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Sunday, Nov. 21, 2010
BIG IN JAPAN
Tossing our leaders to the lions
In Tokugawa days (1603-1867), criticizing the government was a capital offense. Rulers, not only in Japan but the world over, expected to be — and generally were — not only obeyed but revered, sometimes as gods, sometimes as beings only slightly less exalted. "God," wrote the French bishop and political theorist Jacques-Benigne Bossuet (1627-1704), "establishes kings as his ministers, and reigns through them over the people."
Rulers were on the brink — Bossuet could hardly have foreseen it — of a dreadful thrashing, which started with the American and French Revolutions and continues to this day. Opinion polls and election returns make the point time after time — we hate, despise, distrust and are disgusted by the people we elect and call, for want of a better word, our leaders.
Where in the developed or emerging democracies stands a leader toward whom the dominant feeling is not discontent, disillusion, disparagement or outright contempt? Two places come to mind: In Brazil outgoing President Luiz Inacio Lula da Silva, a remarkably successful crusader against poverty; and in Chile, President Sebastian Pin~era, basking (for now) in the glow of the spectacular rescue of 33 trapped miners.
There may be others; if so the esteem they inspire pales beside the disdain heaped on heads of front-ranked states, such as French President Nicolas Sarkozy (latest approval rating: 26 percent), German Chancellor Angela Merkel (41 percent and sinking) and Japanese Prime Minister Naoto Kan (32.7 percent, down 15 percent in one month).
Our political enthusiasms, fleeting and sporadic but ardent when kindled, are reserved mostly for outsiders. If only they could govern from the outside; then they might stand a chance. As it is, no sooner have they sullied their hands with the sordid muck of "political reality" than we toss them to the winds, or the lions — modern equivalent, maybe, to the prehistoric ceremonial sacrifice of tribal kings to the spirits.
If it could happen with so little ado to U.S. President Barack Obama, hailed two short years ago as the most compelling world-class statesman of our time, how could it not happen to the hapless Democratic Party of Japan, like Obama stunningly triumphant in 2009, fighting for its political life today?
Japan's weekly magazines sang in chorus last week, their headlines stark and clear: "We were idiots to choose Kan!" (Weekly Playboy). "Signs of the end of the DPJ, a party that can't do anything or decide anything" (Shukan Gendai). "Kan's diplomacy is ruining Japan" (Shukan Asahi).
Is it really only 15 months since the DPJ won its historic landslide? The bloom was soon off the rose. By April, then-Prime Minister Yukio Hatoyama was scoring approval ratings around 20 percent, comparable to those of the disgraced Liberal Democratic Party at the sclerotic end of its nearly unbroken (though massively unpopular) 54-year reign. Hatoyama resigned and Kan took over. The brief surge of optimism that followed is long forgotten.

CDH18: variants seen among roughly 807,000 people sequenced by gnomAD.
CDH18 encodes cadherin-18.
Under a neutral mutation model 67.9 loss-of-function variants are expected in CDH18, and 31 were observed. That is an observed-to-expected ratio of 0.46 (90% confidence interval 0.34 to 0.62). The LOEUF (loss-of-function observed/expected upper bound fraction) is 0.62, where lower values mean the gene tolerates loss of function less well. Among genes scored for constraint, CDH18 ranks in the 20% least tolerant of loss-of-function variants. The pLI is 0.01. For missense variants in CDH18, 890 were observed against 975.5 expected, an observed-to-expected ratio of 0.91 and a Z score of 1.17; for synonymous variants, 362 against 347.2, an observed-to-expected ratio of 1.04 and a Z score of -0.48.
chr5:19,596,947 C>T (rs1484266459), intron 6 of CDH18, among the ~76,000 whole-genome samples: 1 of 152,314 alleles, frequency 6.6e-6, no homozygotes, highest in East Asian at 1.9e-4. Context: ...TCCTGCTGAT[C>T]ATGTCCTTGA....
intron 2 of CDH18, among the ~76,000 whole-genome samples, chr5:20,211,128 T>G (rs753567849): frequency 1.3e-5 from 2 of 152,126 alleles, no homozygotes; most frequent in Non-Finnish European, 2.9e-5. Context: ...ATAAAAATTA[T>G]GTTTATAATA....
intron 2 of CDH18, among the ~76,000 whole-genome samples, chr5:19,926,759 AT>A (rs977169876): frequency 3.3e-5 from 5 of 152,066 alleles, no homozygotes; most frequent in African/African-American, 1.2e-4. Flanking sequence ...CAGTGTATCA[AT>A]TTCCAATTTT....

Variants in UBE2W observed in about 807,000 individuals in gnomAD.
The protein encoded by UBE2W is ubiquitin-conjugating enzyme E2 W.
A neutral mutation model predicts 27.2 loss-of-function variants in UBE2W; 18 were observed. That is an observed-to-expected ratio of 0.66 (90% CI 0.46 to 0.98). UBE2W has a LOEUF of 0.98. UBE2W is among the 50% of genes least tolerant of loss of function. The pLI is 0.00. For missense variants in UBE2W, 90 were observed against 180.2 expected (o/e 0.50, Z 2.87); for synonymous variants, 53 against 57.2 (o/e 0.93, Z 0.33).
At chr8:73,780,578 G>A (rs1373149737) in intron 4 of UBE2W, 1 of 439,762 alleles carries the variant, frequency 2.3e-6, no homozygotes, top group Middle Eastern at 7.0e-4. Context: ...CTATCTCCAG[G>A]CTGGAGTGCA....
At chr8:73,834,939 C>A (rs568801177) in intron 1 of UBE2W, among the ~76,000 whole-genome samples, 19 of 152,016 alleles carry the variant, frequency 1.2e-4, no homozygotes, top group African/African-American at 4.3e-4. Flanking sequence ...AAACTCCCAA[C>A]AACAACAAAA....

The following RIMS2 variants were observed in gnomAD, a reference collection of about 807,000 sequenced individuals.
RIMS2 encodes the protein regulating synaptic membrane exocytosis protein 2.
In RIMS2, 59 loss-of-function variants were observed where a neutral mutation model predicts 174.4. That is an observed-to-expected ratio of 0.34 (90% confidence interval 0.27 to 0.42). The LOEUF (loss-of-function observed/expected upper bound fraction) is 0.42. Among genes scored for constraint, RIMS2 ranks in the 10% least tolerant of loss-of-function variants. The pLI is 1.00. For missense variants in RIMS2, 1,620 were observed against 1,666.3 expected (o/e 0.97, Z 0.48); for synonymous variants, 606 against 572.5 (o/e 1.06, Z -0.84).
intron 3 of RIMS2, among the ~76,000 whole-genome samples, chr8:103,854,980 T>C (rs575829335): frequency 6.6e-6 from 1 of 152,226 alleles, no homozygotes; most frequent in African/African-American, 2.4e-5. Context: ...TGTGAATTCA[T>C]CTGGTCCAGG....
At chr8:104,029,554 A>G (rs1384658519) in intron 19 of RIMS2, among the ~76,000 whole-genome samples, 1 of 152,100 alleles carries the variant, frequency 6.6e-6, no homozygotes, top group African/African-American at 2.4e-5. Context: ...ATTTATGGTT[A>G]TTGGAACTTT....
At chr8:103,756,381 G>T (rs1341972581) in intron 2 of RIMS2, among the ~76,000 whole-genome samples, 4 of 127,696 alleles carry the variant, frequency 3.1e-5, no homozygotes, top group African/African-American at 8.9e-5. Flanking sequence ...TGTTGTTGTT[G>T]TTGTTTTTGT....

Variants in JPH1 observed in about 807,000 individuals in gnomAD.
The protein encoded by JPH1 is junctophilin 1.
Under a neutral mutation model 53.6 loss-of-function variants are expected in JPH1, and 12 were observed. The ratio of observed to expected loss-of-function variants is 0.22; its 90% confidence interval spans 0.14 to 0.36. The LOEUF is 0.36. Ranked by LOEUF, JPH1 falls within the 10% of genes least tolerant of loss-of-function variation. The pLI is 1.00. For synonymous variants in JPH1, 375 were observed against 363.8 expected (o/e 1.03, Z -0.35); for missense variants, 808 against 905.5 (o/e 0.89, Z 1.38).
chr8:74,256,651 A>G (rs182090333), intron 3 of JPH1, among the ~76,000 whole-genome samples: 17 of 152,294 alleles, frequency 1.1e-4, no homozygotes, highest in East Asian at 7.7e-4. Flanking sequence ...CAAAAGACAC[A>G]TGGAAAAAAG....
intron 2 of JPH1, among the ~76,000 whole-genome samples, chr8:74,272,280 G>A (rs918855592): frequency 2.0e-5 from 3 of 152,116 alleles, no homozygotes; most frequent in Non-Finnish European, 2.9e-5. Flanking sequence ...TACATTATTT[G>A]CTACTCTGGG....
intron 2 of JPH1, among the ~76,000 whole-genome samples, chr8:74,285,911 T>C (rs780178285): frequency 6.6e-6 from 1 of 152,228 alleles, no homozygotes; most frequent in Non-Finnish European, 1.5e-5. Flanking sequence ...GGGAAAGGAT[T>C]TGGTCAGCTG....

DPJ blundering, from the Futenma crisis under Hatoyama to the territorial challenges Kan now faces from China and Russia, has been corrosive to the hopes the party initially inspired. Would it have lasted otherwise?
Brazil's Lula da Silva proves that a leader's popularity can be enduring. The fact that he has no peers in that regard suggests it's highly unlikely to be.
Maybe the problem is that we see our leaders too close up. The microphones and cameras are forever trained on them; we hear their every word, see their every facial expression, catch their every gesture; we can almost smell them. That's the intimacy democracy demands and democratic leaders perforce accord.
It's fatal to respect, barring one quality that can stand up to it: the quality that goes by that vague and ill-defined name "charisma." Japanese politicians are not notable for it. Two contemporary Japanese political mold-breakers have possessed it, with results that might make us grateful for its rarity.
They are former Prime Minister Junichiro Koizumi and current Tokyo Governor Shintaro Ishihara. They exemplify the danger that a charismatic leader can, without sacrificing popularity or losing votes, drive the nation where it doesn't want to go. Such was the case with Koizumi, who force-fed Japan on American-style capitalism and incidentally created the kakusa shakai — a society with a wide gap between rich and poor, one of whose symptoms is a work force of which one-third now works on a part-time basis. Few voted for that, though 84 percent supported Koizumi in his heyday.
And Ishihara: In an interview he gave Sapio magazine last month, he said, "The Japanese people have for 65 years since the war been infected with a 'peace poison' " that has destroyed, to the nation's detriment, the native spirit of "self-sacrifice."
There is no evidence the Japanese people as a whole share these views. They seem to have no objection to peace, and display no yearning to sacrifice themselves. And yet Ishihara, now serving a third term as governor, has been respected as few politicians in the democratic world today are.